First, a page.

- a judicial decision given by a judge or court.
- the obligation, especially a debt, arising from a judicial decision.
- the certificate embodying such a decision and issued against the obligor, especially a debtor.
Origin of judgment
OTHER WORDS FROM judgmentin·ter·judg·ment, nounre·judg·ment, noun
Words nearby judgment
How to use judgment in a sentence
For now, Windheim is relying on her own judgment to make that call.Memers are making deepfakes, and things are getting weird|Karen Hao|August 28, 2020|MIT Technology Review
The treatment involves applying electrodes to a spot in the brain called the internal capsule, and works by stimulating connections to the prefrontal cortex to improve cognitive functions such as perception and judgment.Elon Musk’s brain company plans a big reveal on Friday. Here’s what we already know|Verne Kopytoff|August 27, 2020|Fortune
At its root, reinforcement learning is learning from your mistakes in judgment.This Is How Your Brain Responds to Social Influence|Shelly Fan|August 25, 2020|Singularity Hub
A few air purifier models are consistently highly ranked by reputable reviewers, though you’ll have to make your own judgment when balancing factors like price, room size, and design.Can an air purifier help protect you from COVID-19?|dzanemorris|August 22, 2020|Fortune
At some point, it becomes a judgment call, which is why jurisdictions’ rules vary so much.When Can Schools Safely Reopen? The Answer Is Part Science, Part Guesswork.|Kaleigh Rogers (firstname.lastname@example.org)|August 19, 2020|FiveThirtyEight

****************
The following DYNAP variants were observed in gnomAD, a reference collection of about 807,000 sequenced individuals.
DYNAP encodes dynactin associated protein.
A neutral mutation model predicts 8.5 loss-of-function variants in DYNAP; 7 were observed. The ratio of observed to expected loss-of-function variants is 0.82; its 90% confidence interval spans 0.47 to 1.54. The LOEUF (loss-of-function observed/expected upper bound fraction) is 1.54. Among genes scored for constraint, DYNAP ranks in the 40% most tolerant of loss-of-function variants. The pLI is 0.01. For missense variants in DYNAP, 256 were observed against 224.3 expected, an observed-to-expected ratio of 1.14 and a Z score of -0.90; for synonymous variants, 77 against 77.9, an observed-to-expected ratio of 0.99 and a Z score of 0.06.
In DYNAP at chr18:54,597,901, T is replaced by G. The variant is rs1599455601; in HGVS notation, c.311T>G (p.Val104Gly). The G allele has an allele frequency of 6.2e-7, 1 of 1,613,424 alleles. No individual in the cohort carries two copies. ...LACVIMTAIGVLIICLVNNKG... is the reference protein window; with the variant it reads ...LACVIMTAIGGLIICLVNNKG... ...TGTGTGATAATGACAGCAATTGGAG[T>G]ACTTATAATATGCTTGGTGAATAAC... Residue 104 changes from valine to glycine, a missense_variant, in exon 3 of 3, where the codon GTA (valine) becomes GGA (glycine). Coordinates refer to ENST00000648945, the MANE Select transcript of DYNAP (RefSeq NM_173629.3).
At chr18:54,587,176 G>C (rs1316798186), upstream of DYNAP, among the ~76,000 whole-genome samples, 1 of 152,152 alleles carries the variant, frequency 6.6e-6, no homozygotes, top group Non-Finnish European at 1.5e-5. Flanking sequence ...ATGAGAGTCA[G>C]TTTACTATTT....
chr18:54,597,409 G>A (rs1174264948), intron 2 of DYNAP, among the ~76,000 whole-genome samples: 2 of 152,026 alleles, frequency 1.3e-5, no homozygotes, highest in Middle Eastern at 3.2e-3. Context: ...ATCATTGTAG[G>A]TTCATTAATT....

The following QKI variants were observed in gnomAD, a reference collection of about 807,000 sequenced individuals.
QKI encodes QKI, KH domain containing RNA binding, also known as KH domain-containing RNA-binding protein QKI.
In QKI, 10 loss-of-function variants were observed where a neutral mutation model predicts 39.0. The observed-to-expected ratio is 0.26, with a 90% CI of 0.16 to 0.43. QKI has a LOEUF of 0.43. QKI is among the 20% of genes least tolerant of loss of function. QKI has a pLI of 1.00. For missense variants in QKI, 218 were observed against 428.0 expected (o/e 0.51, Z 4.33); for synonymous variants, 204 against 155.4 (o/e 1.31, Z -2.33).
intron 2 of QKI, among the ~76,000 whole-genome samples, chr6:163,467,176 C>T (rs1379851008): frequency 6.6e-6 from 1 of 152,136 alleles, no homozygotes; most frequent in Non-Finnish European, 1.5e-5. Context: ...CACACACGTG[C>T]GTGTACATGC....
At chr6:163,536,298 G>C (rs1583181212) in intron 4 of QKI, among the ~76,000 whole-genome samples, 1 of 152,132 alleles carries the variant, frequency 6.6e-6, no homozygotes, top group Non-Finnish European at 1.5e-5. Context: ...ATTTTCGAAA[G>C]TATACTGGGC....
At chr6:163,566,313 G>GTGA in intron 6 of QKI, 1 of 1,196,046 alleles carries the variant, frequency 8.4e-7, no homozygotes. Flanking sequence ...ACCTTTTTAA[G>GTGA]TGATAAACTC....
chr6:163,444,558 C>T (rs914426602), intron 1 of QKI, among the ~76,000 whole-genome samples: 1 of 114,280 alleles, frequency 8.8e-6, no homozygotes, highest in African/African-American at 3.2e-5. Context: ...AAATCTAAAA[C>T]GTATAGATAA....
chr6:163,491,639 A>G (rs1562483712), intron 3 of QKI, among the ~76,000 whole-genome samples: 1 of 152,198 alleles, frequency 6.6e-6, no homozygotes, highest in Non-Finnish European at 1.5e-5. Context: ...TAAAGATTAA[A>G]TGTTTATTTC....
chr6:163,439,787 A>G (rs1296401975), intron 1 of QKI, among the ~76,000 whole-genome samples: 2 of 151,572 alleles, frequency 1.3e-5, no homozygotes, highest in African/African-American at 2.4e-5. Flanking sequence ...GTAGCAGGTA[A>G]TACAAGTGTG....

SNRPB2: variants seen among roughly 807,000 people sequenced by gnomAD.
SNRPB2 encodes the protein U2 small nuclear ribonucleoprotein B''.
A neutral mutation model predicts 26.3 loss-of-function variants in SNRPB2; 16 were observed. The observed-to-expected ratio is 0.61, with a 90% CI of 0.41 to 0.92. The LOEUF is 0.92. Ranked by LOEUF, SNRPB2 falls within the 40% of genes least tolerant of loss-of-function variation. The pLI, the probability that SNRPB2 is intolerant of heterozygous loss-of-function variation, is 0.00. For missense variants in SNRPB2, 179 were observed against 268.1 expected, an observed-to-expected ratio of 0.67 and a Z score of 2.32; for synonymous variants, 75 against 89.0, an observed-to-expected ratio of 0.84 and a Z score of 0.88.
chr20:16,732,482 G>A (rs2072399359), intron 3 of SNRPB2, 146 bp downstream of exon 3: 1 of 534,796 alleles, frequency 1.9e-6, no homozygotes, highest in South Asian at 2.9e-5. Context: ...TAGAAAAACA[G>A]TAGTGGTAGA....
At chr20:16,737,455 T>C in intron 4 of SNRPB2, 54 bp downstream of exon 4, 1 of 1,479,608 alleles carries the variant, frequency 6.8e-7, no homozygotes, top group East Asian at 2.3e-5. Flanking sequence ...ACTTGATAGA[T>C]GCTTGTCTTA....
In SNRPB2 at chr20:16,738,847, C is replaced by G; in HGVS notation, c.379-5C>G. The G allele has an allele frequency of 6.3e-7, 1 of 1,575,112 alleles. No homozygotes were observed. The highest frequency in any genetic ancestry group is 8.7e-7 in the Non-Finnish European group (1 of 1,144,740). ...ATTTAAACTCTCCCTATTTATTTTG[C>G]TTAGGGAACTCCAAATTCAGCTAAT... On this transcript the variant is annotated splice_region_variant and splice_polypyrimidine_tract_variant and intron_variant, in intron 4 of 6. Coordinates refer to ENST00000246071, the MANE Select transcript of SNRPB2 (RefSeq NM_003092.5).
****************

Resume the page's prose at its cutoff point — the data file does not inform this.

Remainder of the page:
Interesting that those who sat in judgment of him found those two sets of beliefs to be incompatible.
If so, he has his silence -- on top of poor judgment -- to blame.
[These actions] call into question not only their judgment but how true the effort is to expanding into those communities.
We have reached a tipping point in the culture where Americans are now trained to look to the rules instead of their own judgment.
Common sense is not a just a normative judgment about wisdom, but a structural feature of any functioning organization.
But it seems to me that with adolescence comes the right to knowledge and the right of judgment.The Salvaging Of Civilisation|H. G. (Herbert George) Wells
Now for the tempering of the Gudgeons, I leave it to the judgment of the Workman; but a word or two of the polishing of it.Tintinnalogia, or, the Art of Ringing|Richard Duckworth and Fabian Stedman
By his commandment he maketh the snow to fall apace, and sendeth forth swiftly the lightnings of his judgment.
By the words of the holy one they stand in judgment, and shall never fall in their watches.
No man opens his ware with greater seriousness, or challenges your judgment more in the operation.
British Dictionary definitions for judgment (1 of 2)
- the decision or verdict pronounced by a court of law
- an obligation arising as a result of such a decision or verdict, such as a debt
- the document recording such a decision or verdict
- (as modifier)a judgment debtor
- the act of establishing a relation between two or more terms, esp as an affirmation or denial
- the expression of such a relation
- to preside as judge
- to assume the position of critic
British Dictionary definitions for judgment (2 of 2)
Other Idioms and Phrases with judgment
see against one's better judgment; snap judgment.